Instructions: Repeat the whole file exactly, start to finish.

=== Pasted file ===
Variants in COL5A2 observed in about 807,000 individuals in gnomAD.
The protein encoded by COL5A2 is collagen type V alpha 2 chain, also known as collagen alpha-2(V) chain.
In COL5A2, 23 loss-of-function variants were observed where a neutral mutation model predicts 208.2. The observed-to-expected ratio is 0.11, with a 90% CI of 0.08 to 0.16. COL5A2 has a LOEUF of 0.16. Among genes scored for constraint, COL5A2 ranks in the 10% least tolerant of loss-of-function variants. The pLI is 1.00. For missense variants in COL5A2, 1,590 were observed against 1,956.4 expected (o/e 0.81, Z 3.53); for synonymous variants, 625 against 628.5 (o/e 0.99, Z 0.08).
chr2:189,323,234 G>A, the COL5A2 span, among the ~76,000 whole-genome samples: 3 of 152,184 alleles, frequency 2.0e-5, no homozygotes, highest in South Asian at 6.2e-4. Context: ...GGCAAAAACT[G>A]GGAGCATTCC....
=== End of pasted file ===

Variants in COL5A2 observed in about 807,000 individuals in gnomAD.
The protein encoded by COL5A2 is collagen type V alpha 2 chain, also known as collagen alpha-2(V) chain.
In COL5A2, 23 loss-of-function variants were observed where a neutral mutation model predicts 208.2. The observed-to-expected ratio is 0.11, with a 90% CI of 0.08 to 0.16. COL5A2 has a LOEUF of 0.16. Among genes scored for constraint, COL5A2 ranks in the 10% least tolerant of loss-of-function variants. The pLI is 1.00. For missense variants in COL5A2, 1,590 were observed against 1,956.4 expected (o/e 0.81, Z 3.53); for synonymous variants, 625 against 628.5 (o/e 0.99, Z 0.08).
chr2:189,323,234 G>A, the COL5A2 span, among the ~76,000 whole-genome samples: 3 of 152,184 alleles, frequency 2.0e-5, no homozygotes, highest in South Asian at 6.2e-4. Context: ...GGCAAAAACT[G>A]GGAGCATTCC....